In mid-August 2023 an anonymous guest host took over the Parlour instagram account to share brave and thoughtful insights. They spoke eloquently of their personal experiences of sexual harassment in practice and the ongoing problem in the wider profession. This generated a massive response in public and in private, and many expressions of solidarity.

We share their story and recommendations here as part of the ongoing effort to stamp out harassment in architecture.


I’m about to step into the spotlight, and there’s something important I want to share with you all. However, for various reasons, I’ve decided to keep my identity anonymous for now. I would like to express my gratitude to Parlour for providing this platform that allows us to have these important conversations.

If you’re wondering who I might be, I encourage you to look around. You may already know me as a strong, articulate, and actively engaged woman who has been working in the industry for the past decade. I have attended many Parlour talks and had the privilege of being part of the Champions of Change. Despite my background and involvement, including work relating to preventing sexual harassment, something deeply unsettling happened to me.

My story

It was the office Christmas party, and, naturally, the festivities continued at a nearby pub. As the night progressed, I ended up in a smaller group from the office, which included one of the directors whom I had always felt uneasy around. This director had a reputation for unacceptable behaviour. Yet, despite witnessing numerous instances of his verbal sexual harassment in the office, the other directors seemed unfazed, responding with nothing more than a smile or a shake of the head.

I was determined to avoid him, especially with alcohol involved. Unfortunately, I ended up sitting next to him in the taxi on the way to the next pub. That’s when things took a turn for the worse. He repeatedly tried to kiss me, not once or twice, but three times. Each time, I turned my face away, hoping he’d get the message. But he persisted, forcefully pushing himself onto me despite my discomfort.

In that moment, I felt a mix of disgust, helplessness and confusion. Why didn’t I speak up? Why didn’t I fight back? These questions haunt me. You see, it wasn’t just my own experiences. I had witnessed this director’s acts of sexual assault on other occasions, and the other directors seemed to turn a blind eye. It felt like a futile battle, and I had little hope that my complaint would go anywhere, even if I mustered the courage to speak up.

Moreover, this particular director held considerable influence, constantly bringing important projects to the practice. It became apparent that his value to the company may have been a significant reason why no one dared to challenge him. It’s disheartening to realise that such power dynamics can silence victims and protect perpetrators, despite the office official rules on sexual harassment.

Looking back, I realise the battle of power, fear, and the perceived futility of speaking up held me back. I questioned my own intelligence, believing that speaking up would jeopardise my future. Now I know that staying silent only perpetuates a culture of harassment. It’s time to break that cycle. No one should have to endure such experiences. It’s time to stand up, speak out, and demand change.

What is sexual harassment?

Sexual harassment occurs when a person makes a sexual advance, or a request for sexual favours to another person, or engages in any other conduct of a sexual nature in relation to another person, in circumstances in which a reasonable person, having regard to all the circumstances, would have anticipated that the other person would be offended, humiliated or intimidated. It is not mutual attraction or consenting friendships, whether sexual or otherwise.

Sexual harassment is unlawful in the workplace, which includes any place a person goes for the purpose of carrying out any function in relation to his/her employment. The workplace can also extend to work-related social events and other social events.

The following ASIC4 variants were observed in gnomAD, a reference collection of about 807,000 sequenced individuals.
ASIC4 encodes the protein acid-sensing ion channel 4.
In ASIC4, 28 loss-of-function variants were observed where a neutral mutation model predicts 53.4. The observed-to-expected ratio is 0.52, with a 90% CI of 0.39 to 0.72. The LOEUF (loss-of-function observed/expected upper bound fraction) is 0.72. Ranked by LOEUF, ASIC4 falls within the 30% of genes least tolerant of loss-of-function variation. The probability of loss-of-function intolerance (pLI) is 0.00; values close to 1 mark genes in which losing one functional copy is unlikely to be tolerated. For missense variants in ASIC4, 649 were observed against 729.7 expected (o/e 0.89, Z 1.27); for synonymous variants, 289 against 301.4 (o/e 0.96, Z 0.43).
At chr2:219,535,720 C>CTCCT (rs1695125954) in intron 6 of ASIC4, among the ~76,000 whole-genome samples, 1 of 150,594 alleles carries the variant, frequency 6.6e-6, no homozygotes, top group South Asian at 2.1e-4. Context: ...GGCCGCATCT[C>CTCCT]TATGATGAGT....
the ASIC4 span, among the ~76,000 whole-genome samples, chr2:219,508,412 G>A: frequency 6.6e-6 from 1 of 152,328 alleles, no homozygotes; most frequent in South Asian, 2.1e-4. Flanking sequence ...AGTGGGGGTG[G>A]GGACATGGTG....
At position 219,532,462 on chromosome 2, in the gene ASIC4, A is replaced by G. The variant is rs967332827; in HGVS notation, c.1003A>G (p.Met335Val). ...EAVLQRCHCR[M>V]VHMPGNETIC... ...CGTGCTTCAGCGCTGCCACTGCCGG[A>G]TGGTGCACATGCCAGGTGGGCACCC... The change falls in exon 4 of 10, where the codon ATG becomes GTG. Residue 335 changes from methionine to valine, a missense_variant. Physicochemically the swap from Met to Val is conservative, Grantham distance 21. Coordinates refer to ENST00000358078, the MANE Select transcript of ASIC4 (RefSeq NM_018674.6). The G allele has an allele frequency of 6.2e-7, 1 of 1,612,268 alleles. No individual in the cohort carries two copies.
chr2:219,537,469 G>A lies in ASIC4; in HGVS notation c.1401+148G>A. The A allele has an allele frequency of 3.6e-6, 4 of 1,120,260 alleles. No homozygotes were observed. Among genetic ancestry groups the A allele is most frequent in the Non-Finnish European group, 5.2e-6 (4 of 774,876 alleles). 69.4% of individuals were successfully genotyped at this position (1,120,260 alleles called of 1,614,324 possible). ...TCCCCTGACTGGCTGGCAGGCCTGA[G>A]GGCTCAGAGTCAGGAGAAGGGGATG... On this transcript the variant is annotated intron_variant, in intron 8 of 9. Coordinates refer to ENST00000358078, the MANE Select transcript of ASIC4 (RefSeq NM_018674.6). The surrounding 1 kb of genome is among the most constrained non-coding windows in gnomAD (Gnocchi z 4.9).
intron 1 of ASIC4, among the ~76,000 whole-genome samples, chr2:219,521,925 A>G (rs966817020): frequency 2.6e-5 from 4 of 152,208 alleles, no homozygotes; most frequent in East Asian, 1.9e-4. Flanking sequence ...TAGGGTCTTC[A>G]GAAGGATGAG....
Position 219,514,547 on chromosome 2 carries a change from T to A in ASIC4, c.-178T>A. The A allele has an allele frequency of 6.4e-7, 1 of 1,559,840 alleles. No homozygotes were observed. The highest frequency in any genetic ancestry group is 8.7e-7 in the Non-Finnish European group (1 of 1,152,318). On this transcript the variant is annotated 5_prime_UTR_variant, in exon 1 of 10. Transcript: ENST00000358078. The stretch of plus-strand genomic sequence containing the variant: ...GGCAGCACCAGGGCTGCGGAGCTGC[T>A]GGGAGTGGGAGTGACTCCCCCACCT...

Examples of sexual harassment include:

  • persistent demands or even subtle pressures for sexual favours or outings
  • staring or leering at a person or at parts of their body
  • patting, pinching, touching or unnecessary familiarity, such as unnecessarily brushing up against a person
  • offensive comments or questions about a person’s physical appearance, dress or private life
  • sexually explicit pictures or posters or screen savers (words and images), sexually explicit telephone calls, voice mail message, SMS, letters, faxes, emails or use of social media of any kind
  • humour such as smutty or suggestive jokes or comments
  • innuendo, including sexually provocative remarks, suggestive or derogatory comments about a person’s physical appearance, inferences of sexual morality, or tales of sexual performance requests for sex
  • insults or taunts based on sex
  • sexually explicit physical contact. Some types of sexual harassment can also be offences under the criminal law, such as:
  • physical molestation or assault
  • indecent exposure
  • sexual assault
  • stalking
  • obscene communications (by way of telephone calls, letters, emails, social media, etc.)

The #MeToo movement in architectural practices!

In the world of architecture, where creativity flourishes, the struggle for power and equality often remains hidden beneath the polished facades of prestigious firms. Unfortunately, sexual harassment is not an issue exclusive to any particular industry, and architecture is no exception.

Real-time statistics on the prevalence of sexual harassment within architectural practices are lacking, but it is essential to acknowledge that cases occur. Over the years, brave individuals within the architectural community have come forward to share their experiences and expose misconduct. International architectural firms have faced public scrutiny following allegations of harassment, leading to internal investigations and policy changes. One prominent example is the emergence of the ”#MeToo” movement in 2017, which shed light on sexual harassment and assault across various industries, including architecture.

This movement provided a platform for architectural professionals to share their stories. Recently, the Financial Times published an extensive investigative piece detailing allegations of sexual assault involving David Adjaye. Three women, who had worked for him, shared their accounts. The allegations prompted swift action, with Adjaye stepping down from several projects, including his role as a Design Advocate for London’s Mayor and his association with the African Futures Institute. Additionally, his involvement in the design of a UK Holocaust memorial has been suspended.